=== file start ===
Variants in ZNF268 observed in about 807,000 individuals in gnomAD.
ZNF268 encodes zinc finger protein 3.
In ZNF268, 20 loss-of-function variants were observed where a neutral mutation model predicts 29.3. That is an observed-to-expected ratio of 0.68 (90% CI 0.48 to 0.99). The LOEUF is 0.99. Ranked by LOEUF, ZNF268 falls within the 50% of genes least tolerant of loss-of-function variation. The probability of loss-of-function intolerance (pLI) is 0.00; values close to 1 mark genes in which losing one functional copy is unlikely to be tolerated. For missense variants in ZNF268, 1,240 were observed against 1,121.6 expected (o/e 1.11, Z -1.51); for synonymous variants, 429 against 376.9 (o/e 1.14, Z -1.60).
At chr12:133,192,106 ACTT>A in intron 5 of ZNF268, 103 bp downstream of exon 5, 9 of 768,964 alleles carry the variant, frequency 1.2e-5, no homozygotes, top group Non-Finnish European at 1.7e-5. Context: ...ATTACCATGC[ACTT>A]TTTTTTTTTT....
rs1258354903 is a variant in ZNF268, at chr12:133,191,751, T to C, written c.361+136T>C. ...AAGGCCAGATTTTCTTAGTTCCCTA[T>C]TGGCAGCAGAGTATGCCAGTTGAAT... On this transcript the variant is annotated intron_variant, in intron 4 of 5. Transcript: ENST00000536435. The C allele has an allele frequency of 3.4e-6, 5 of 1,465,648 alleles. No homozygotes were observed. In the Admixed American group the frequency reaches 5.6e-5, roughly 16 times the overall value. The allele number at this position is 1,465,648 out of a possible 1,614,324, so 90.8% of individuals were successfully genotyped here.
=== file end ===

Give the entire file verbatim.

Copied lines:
Variants in ZNF268 observed in about 807,000 individuals in gnomAD.
ZNF268 encodes zinc finger protein 3.
In ZNF268, 20 loss-of-function variants were observed where a neutral mutation model predicts 29.3. That is an observed-to-expected ratio of 0.68 (90% CI 0.48 to 0.99). The LOEUF is 0.99. Ranked by LOEUF, ZNF268 falls within the 50% of genes least tolerant of loss-of-function variation. The probability of loss-of-function intolerance (pLI) is 0.00; values close to 1 mark genes in which losing one functional copy is unlikely to be tolerated. For missense variants in ZNF268, 1,240 were observed against 1,121.6 expected (o/e 1.11, Z -1.51); for synonymous variants, 429 against 376.9 (o/e 1.14, Z -1.60).
At chr12:133,192,106 ACTT>A in intron 5 of ZNF268, 103 bp downstream of exon 5, 9 of 768,964 alleles carry the variant, frequency 1.2e-5, no homozygotes, top group Non-Finnish European at 1.7e-5. Context: ...ATTACCATGC[ACTT>A]TTTTTTTTTT....
rs1258354903 is a variant in ZNF268, at chr12:133,191,751, T to C, written c.361+136T>C. ...AAGGCCAGATTTTCTTAGTTCCCTA[T>C]TGGCAGCAGAGTATGCCAGTTGAAT... On this transcript the variant is annotated intron_variant, in intron 4 of 5. Transcript: ENST00000536435. The C allele has an allele frequency of 3.4e-6, 5 of 1,465,648 alleles. No homozygotes were observed. In the Admixed American group the frequency reaches 5.6e-5, roughly 16 times the overall value. The allele number at this position is 1,465,648 out of a possible 1,614,324, so 90.8% of individuals were successfully genotyped here.